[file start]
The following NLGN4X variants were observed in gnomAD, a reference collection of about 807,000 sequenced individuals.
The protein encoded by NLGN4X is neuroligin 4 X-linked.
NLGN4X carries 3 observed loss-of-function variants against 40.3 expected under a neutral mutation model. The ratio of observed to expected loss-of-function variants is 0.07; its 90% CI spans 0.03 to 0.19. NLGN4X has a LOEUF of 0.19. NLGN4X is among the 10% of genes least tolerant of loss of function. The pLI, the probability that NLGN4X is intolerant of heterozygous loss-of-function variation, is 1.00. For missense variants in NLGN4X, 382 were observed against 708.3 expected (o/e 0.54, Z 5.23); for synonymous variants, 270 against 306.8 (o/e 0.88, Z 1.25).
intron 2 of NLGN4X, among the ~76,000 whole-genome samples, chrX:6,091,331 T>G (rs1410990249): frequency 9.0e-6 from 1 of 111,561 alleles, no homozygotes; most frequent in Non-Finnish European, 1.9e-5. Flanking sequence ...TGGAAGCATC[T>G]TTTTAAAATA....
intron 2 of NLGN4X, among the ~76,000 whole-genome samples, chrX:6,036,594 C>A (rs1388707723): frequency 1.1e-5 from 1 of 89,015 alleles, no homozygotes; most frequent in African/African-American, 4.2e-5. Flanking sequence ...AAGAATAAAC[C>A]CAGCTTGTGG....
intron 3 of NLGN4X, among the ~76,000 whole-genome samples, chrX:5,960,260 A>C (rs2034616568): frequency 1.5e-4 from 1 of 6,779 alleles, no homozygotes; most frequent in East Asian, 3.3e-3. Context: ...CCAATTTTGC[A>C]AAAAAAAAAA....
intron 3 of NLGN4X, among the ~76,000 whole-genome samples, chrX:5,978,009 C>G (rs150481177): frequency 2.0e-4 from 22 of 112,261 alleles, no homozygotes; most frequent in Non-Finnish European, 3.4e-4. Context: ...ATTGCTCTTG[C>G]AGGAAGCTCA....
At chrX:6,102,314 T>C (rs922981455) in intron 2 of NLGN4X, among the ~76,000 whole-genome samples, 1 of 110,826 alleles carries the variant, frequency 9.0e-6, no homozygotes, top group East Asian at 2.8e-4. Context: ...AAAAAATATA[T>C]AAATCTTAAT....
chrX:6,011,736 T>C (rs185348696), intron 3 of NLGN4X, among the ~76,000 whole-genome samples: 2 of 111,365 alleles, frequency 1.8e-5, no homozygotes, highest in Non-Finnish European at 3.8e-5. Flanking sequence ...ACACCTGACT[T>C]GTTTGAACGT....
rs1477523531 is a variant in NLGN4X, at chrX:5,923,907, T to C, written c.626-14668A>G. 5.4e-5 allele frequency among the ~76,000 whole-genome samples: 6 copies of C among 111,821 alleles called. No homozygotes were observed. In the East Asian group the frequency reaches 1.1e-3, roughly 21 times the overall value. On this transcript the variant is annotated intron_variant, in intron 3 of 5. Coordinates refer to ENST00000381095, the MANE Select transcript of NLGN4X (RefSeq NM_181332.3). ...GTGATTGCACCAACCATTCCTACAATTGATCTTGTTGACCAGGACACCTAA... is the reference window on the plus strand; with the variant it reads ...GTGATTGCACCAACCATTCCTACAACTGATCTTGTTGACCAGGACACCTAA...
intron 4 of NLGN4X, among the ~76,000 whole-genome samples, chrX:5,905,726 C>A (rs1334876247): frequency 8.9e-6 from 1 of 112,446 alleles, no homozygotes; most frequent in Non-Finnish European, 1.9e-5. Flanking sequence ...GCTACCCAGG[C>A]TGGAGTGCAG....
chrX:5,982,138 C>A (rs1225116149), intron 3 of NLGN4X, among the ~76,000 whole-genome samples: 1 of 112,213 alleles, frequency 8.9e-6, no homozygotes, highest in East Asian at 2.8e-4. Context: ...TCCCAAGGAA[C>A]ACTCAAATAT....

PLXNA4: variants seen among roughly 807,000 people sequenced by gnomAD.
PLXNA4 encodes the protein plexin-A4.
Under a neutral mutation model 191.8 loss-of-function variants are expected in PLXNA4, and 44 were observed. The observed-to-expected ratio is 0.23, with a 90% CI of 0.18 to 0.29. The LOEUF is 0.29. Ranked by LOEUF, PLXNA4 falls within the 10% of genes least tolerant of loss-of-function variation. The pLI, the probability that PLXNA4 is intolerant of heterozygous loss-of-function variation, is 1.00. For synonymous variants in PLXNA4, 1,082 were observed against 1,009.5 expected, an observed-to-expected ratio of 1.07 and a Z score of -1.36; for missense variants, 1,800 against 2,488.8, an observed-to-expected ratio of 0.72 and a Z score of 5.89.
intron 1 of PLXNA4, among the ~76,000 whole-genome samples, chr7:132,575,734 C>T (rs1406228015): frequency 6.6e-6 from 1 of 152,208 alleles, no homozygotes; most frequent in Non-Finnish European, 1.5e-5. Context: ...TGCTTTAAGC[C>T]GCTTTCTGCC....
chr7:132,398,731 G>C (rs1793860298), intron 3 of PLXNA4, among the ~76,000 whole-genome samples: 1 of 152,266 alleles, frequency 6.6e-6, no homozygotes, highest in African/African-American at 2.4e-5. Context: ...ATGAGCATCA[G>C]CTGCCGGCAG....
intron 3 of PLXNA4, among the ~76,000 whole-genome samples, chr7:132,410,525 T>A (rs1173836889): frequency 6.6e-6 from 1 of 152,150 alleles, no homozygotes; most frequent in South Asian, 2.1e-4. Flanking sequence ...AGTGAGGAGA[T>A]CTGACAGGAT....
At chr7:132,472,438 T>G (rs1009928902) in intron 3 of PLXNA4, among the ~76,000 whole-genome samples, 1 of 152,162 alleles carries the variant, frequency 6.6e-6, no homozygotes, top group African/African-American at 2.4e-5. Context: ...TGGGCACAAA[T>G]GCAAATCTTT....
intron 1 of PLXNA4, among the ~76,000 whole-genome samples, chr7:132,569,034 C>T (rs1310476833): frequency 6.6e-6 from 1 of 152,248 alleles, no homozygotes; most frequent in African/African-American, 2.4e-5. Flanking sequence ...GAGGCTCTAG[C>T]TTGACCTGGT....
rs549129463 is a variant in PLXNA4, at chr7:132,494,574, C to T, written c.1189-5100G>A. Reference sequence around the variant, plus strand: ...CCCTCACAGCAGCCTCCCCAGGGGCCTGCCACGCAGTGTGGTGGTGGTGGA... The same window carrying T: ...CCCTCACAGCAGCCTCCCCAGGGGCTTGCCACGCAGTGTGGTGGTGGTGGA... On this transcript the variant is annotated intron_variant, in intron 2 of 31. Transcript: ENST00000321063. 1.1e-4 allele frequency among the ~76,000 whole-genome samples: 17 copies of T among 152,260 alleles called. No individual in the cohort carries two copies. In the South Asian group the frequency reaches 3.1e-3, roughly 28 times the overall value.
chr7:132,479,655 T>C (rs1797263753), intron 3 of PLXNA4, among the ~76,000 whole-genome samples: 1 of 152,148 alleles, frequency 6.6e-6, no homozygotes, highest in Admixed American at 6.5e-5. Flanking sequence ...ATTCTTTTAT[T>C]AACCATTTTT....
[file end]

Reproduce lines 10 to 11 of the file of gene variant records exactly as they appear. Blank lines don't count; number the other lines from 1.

rs1477523531 is a variant in NLGN4X, at chrX:5,923,907, T to C, written c.626-14668A>G. 5.4e-5 allele frequency among the ~76,000 whole-genome samples: 6 copies of C among 111,821 alleles called. No homozygotes were observed. In the East Asian group the frequency reaches 1.1e-3, roughly 21 times the overall value. On this transcript the variant is annotated intron_variant, in intron 3 of 5. Coordinates refer to ENST00000381095, the MANE Select transcript of NLGN4X (RefSeq NM_181332.3). ...GTGATTGCACCAACCATTCCTACAATTGATCTTGTTGACCAGGACACCTAA... is the reference window on the plus strand; with the variant it reads ...GTGATTGCACCAACCATTCCTACAACTGATCTTGTTGACCAGGACACCTAA...
intron 4 of NLGN4X, among the ~76,000 whole-genome samples, chrX:5,905,726 C>A (rs1334876247): frequency 8.9e-6 from 1 of 112,446 alleles, no homozygotes; most frequent in Non-Finnish European, 1.9e-5. Flanking sequence ...GCTACCCAGG[C>A]TGGAGTGCAG....